Addressing environmental action is something that people are always thriving to do. The CHS Environmental Club successfully motivates teens to take part in environmental recognition.
Environmental Club spreads awareness about taking care of the environment on and near campus with events such as beach cleanups, awareness talks and plastic bag bins.
In recent years, the club has been able to install chilled, filtered water in campus fountains and eco-friendly features in the science classrooms. The club’s current projects include starting an organic garden and brainstorming ideas for an environmental-themed mural.
“I’m pretty stoked about it,” says science teacher Jason Maas-Baldwin, one of three Environmental Club advisers.
During the year, as the club organizes meetings and ways to approach their goals, they also get ready for the desert trip over spring break. The desert trip is a week-long journey to Joshua Tree National Park, where students get rid of all the comforts of home and spend time outdoors.
“A huge intent of that is to get people connected with nature, but also to get people connected with each other,” Maas-Baldwin says.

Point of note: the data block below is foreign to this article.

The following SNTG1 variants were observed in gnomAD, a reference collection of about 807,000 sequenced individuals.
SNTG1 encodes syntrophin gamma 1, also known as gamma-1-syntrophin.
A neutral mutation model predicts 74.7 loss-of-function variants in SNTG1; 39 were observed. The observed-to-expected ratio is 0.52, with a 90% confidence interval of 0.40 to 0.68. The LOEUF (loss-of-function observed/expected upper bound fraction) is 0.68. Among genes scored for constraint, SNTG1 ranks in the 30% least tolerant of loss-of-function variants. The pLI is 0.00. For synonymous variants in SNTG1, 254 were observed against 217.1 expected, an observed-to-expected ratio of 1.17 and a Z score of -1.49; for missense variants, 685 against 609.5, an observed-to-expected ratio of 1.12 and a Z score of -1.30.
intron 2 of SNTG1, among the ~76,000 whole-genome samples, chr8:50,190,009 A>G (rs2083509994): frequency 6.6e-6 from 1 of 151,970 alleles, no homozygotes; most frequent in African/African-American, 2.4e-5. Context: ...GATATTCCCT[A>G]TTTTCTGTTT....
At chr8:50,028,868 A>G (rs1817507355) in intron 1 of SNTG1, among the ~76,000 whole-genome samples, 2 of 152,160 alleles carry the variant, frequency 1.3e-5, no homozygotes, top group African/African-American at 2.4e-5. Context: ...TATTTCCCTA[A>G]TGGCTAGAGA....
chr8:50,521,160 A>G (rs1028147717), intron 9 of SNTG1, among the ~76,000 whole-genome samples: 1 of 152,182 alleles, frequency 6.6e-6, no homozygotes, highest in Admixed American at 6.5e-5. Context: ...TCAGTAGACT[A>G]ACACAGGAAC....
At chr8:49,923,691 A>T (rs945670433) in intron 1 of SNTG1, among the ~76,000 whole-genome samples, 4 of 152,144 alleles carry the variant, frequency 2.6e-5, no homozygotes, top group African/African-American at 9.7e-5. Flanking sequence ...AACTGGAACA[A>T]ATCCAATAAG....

While gaining an understanding of the environment, the members truly make a difference in the community. This student-run club encourages students inside and outside the club to take action in getting involved with our community.
Senior Katy Anderson, first-year president, has been active in the environment since middle school. When Anderson was in eighth grade, she was responsible for Carmel Middle School starting an environmental club that is still going on today.
Being in Environmental Club is more than just picking up trash.
“So many possibilities open up,” says Anderson about how students can get involved. “I want members to discover that they have a tremendous voice on campus and how to use their voice to make change happen,” says Anderson about her motivations toward members.
Especially living in a place that suffers with a shortage of water and being so close to the ocean, the students motivate Carmel to take steps in ways to help. Recycling and reusing are some ways to lessen the trash rate–for example, separating trash and reusable materials and using stainless steel water bottles.
Different from other clubs, Environmental Club focuses on environmental action.
“It’s a way for like-minded people to get together,” Maas-Baldwin says.
“Environmental Club is the place to be!” Anderson adds.
The club meets every Monday in Room 2 during lunch and is still accepting new environmental enthusiasts.